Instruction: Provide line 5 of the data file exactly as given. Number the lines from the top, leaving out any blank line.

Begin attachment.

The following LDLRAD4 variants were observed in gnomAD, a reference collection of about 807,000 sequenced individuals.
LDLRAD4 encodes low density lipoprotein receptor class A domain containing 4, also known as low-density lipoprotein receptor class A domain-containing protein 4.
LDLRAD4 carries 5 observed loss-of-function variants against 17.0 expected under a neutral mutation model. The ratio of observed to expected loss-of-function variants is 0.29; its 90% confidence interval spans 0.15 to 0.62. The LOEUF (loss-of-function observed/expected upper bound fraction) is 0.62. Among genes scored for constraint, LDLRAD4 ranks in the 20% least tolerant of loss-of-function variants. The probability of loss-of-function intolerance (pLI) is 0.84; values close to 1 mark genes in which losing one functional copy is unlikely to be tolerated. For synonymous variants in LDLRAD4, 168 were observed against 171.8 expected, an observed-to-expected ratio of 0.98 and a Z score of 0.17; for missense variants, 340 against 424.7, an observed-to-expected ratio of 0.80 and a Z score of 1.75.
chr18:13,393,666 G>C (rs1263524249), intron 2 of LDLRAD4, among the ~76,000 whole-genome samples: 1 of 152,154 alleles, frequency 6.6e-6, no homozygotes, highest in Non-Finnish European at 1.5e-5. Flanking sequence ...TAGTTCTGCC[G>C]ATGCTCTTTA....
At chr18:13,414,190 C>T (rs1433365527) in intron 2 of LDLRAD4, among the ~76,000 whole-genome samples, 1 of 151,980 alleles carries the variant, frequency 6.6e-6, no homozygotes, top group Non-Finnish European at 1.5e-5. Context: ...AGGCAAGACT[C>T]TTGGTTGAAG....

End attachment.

At chr18:13,414,190 C>T (rs1433365527) in intron 2 of LDLRAD4, among the ~76,000 whole-genome samples, 1 of 151,980 alleles carries the variant, frequency 6.6e-6, no homozygotes, top group Non-Finnish European at 1.5e-5. Context: ...AGGCAAGACT[C>T]TTGGTTGAAG....